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2000 Daily Points of Light Award
Bryant Ranch Elementary School
"Once Upon A River" Project

Bryant Ranch Elementary School’s "Once Upon a River" project was chosen as the Daily Point of Light for July 4, 2000. This national award is granted by the Points of Light Foundation to individuals and organizations whose volunteer efforts have made a positive and lasting impact within the community. The award is designed to honor those who demonstrate a sense of caring and responsibility for others and a commitment to service.


Several years ago, Bryant Ranch Elementary School teachers, Donelda Warhurst and Liz Stumpf, were exploring ways to teach their second- and third-grade students the value of having a natural river in their city. To gain more insight about this topic, they contacted Park Ranger Ron Nadeau at Featherly Regional Park and the "seed" of a highly successful, ongoing environmental restoration project was planted. This project has empowered the students to remedy a situation jeopardizing the natural habitat of the Santa Ana River, which is located just one-half mile from Bryant Ranch School.

The extremely aggressive species "Arundo donax" or Giant Cane threatens the Santa Ana River’s native riparian habitat. This invasive plant can grow up to ten-inches per day and consumes millions of gallons of drinking water annually from the Santa Ana River groundwater basin. On learning of this serious threat to a local waterway, the students of Bryant Ranch School joined County of Orange, Harbors Beaches and Parks Adopt-A-Park program in the development of the "Once Upon A River" project. Beginning in October 1994, 70 students were trained to properly identify and remove "Arundo donax," replacing it with native river-dwelling species. They worked two-days per month throughout the school year.After five years and more than 10,000 volunteer hours provided by 320 students, an acre of the invasive "Arundo donax" has been completely removed along the Santa Ana River within Featherly Regional Park. As a result of the "Once Upon A River" project, the area has been restored to native riparian trees and plants. This has resulted in an estimated savings to the County of Orange of $30,000. The efforts of the Bryant Ranch Elementary School students have attracted offsite mitigation by the development community. To date, more than 40 acres of invasive species have been removed by local developers, saving the County of Orange approximately one million dollars in native habitat restoration.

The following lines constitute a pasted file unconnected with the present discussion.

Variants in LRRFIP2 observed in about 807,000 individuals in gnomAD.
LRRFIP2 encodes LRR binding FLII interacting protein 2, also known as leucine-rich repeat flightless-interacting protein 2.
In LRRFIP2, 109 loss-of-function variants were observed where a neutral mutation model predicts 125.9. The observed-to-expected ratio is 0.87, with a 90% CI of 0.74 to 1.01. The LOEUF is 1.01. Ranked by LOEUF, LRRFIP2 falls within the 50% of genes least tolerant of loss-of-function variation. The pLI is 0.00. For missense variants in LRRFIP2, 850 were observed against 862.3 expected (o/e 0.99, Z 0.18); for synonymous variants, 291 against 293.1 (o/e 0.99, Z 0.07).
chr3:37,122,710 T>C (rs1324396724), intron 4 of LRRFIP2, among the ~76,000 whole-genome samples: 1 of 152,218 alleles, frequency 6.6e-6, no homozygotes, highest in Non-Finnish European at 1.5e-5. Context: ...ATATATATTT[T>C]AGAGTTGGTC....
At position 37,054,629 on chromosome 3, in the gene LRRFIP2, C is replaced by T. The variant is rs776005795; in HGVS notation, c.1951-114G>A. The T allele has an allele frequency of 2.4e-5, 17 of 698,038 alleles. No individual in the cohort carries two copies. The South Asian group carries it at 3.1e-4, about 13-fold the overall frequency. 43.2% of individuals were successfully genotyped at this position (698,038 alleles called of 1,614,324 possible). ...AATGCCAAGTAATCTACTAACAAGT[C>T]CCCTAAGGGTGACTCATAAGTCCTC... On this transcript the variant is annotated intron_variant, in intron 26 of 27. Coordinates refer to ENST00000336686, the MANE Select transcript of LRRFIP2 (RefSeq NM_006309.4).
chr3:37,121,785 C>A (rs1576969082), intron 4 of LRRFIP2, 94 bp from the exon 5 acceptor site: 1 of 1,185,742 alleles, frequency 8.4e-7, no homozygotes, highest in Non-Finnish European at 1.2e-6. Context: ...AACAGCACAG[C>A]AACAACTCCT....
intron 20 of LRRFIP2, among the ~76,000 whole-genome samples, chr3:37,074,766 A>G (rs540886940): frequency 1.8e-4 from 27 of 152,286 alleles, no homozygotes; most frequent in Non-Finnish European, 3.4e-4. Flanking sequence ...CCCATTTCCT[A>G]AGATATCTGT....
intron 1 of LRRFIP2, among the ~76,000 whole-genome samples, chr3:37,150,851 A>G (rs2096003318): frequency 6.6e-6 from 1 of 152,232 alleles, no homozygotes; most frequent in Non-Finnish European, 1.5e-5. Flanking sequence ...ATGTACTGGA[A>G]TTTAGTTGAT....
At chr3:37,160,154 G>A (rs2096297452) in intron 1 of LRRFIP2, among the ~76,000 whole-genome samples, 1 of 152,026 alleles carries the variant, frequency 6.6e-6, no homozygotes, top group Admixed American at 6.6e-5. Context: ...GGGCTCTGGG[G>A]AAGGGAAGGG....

The long-term commitment of the students has also attracted the attention of community members, local businesses, and the media, resulting in increased project support, an expanded volunteer base and a greater awareness of an important environmental issue. They have addressed community needs by actively safeguarding the environment and by raising awareness of the significance of the Santa Ana River, including issues such as storm drain management and the importance of removing invasive species for the protection and guardianship of a groundwater basin and precious local wetlands.

Overall, Bryant Ranch Elementary School students have established an important tradition of caring for the Santa Ana River, which is passed down to new students each year. The significance of this tradition is that it ensures ongoing protection of the environment and continuous education of younger generations in protecting natural resources. The overwhelming success of Bryant Ranch Elementary School’s "Once Upon A River" project has had an immediate as well as long-lasting impact upon the native habitat of the Santa Ana River and Featherly Regional Park and will help foster further restoration of this important groundwater basin.

 

 
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